Community Engagement Core
Minnesota Center for Cancer Collaborations (MC3) was created in 2010 when Kola Okuyemi, MD, MPH was awarded a National Cancer Institute (NCI) Center to Reduce Cancer Health Disparities grant. MC3’s mission is to reduce cancer disparities experienced by Minnesota’s racial and ethnic minority populations. This is made possible through four operating groups: Administrative Core, Community Engagement Core, Research Core, and a Training Core. For more information MC3, please visit http://www.mccc.umn.edu.
The Community Engagement Core is co-led by Nancy Raymond, MD, Gloria Contreras from Centro Campesino, and Fartun Weli, MPH, from Isuroon. This operating group is responsible for increasing the knowledge and access to cervical and breast cancer screening in the Somali and Latino immigrant communities in Minnesota.
The research aims for the Community Engagement Core are:
- Aim 1. Engage immigrant (Somali and Latino) communities in Minnesota in the cultural adaptation of an evidence-based program, Friend-to-Friend, for increasing breast and cervical cancer screening.
- Aim 2. Increase knowledge about, access to, and utilization of breast and cervical cancer screening in Minnesota’s Somali and Latino immigrant communities through the following outreach activities:
- Aim 2a. Implementation of a culturally-adapted Friend-to-Friend program (designed to increase knowledge about and willingness to utilize breast and cervical cancer screening).
- Aim 2b. Use of existing community resources to increase access to screening and follow up services.
- Aim 3. Create a sustainable program to ensure the continued use of the Friend-to-Friend program beyond the grant period by Somali and Latino communities involved in the CNP Center.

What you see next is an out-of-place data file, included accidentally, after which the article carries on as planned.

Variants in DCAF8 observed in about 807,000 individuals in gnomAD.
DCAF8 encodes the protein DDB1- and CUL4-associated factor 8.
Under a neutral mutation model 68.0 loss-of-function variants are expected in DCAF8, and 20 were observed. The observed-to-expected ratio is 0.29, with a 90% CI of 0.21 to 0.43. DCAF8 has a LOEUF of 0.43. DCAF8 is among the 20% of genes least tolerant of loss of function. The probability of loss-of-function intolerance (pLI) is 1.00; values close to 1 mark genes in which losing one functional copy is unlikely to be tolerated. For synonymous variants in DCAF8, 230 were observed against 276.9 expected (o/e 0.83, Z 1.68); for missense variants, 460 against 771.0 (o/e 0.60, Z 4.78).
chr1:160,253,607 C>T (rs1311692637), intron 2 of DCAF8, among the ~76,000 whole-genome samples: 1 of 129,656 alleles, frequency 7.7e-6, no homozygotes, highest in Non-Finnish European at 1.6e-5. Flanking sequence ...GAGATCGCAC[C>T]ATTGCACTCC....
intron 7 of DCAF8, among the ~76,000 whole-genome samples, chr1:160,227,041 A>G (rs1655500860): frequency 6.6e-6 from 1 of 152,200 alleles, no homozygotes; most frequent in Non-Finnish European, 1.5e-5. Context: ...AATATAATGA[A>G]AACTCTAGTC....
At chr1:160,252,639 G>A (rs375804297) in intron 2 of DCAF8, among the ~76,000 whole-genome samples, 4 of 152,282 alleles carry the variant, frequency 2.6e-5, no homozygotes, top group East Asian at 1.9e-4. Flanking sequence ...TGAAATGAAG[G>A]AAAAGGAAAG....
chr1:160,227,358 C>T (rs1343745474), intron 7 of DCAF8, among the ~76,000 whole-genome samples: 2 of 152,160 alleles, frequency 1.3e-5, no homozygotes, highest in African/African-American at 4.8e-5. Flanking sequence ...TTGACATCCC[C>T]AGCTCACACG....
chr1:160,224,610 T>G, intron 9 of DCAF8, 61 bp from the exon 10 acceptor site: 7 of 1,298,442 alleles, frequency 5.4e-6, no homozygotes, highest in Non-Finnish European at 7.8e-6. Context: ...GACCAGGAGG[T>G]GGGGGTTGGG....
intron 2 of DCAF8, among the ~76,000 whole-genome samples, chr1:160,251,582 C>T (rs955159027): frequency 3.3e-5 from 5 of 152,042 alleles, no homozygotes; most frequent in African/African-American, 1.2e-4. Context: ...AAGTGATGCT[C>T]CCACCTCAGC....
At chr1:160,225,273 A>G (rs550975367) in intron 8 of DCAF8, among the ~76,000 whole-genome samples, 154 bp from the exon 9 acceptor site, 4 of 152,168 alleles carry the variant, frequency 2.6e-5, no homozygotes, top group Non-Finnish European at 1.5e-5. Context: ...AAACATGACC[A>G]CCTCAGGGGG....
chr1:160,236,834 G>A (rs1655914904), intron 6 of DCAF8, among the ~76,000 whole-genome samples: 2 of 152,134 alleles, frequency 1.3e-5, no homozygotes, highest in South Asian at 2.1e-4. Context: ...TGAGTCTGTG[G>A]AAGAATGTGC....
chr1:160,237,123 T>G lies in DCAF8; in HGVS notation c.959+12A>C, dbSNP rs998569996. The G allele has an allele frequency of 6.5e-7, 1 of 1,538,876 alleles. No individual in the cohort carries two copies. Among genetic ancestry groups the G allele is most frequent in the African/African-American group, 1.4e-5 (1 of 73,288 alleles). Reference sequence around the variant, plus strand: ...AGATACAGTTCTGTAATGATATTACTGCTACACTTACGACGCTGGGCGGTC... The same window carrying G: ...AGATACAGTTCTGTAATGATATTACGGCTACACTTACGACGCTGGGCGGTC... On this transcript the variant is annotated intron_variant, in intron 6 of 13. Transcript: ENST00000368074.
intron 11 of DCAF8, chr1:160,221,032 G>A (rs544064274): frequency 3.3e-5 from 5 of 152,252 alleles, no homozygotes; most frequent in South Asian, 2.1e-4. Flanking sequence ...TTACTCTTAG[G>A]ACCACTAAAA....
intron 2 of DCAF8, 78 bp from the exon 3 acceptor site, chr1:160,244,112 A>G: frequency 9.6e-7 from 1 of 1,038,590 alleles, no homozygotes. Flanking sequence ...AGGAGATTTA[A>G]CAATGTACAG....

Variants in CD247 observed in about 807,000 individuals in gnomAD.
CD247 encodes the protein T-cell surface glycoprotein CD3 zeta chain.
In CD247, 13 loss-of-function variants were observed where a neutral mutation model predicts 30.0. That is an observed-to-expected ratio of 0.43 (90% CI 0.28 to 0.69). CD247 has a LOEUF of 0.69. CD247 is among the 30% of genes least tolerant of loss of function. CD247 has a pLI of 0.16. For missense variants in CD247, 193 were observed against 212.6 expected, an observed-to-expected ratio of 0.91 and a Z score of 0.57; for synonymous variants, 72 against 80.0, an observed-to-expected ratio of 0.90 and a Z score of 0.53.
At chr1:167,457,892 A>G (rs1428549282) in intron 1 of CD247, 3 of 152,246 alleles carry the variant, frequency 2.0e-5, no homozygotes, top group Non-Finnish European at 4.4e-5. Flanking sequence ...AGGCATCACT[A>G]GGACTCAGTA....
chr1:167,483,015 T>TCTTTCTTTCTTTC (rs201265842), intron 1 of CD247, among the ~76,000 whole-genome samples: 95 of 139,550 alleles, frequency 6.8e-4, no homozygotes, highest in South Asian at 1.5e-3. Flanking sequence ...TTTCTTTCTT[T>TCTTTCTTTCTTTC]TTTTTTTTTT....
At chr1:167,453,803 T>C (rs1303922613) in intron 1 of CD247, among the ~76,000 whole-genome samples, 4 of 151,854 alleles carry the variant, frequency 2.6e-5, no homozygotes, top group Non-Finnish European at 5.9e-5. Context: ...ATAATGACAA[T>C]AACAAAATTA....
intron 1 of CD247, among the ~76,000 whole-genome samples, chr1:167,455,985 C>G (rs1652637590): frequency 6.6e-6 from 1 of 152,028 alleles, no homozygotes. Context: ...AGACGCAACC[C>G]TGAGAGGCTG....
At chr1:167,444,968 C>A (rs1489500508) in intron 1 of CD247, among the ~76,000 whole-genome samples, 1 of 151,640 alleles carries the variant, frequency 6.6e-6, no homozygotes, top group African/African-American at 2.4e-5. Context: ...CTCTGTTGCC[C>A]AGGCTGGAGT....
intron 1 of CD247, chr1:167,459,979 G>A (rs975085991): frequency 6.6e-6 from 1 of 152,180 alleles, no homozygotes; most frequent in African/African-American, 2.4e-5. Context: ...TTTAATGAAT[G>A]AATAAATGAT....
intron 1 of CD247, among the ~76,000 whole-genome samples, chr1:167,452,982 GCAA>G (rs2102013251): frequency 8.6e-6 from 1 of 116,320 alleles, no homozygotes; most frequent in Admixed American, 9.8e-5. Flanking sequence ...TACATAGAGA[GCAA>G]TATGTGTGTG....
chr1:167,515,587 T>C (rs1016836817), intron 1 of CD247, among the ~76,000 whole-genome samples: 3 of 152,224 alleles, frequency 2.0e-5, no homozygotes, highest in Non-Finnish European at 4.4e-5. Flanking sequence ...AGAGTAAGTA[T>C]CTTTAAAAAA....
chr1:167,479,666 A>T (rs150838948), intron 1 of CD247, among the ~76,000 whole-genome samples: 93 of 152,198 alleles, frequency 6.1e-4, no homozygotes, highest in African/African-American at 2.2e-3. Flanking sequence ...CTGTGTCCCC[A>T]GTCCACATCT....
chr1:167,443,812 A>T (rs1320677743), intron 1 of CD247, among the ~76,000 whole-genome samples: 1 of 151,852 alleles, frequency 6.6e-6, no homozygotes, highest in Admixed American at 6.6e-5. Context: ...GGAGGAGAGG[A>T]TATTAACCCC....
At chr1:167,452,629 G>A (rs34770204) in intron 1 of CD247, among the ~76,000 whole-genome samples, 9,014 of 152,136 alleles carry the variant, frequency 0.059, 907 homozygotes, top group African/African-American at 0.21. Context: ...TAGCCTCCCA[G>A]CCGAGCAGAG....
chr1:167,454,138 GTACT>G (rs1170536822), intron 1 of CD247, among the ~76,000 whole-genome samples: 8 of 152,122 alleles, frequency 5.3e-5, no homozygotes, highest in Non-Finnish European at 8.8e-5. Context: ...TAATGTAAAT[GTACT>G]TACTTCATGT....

So far to date, the group has been successful in culturally adapting the Friend-to-Friend program. This was accomplished through a series of key informant interviews and focus groups and a creation of a moderator’s guide. Pilot testing of the culturally adapted Friend-to-Friend program began in the summer of 2012. After the pilot testing, it was concluded that the intervention was worth pursuing and showed promise in increasing breast cancer screening in two immigrant populations experience health disparities. With the success of the pilot testing of the Friend-to-Friend intervention, the partners are continuing to implement the program in the Twin Cities and Owatonna. The intervention will also be implemented in Willmar, St. Cloud, and Austin.
Over the next few years, the goal of the Community Engagement Core is to replicate the intervention and continue to improve the intervention in order to best reach women with the highest need with a meaningful program that resonates with them.
For more information about the Minnesota Center for Cancer Collaborations (MC3), please visit http://www.mccc.umn.edu.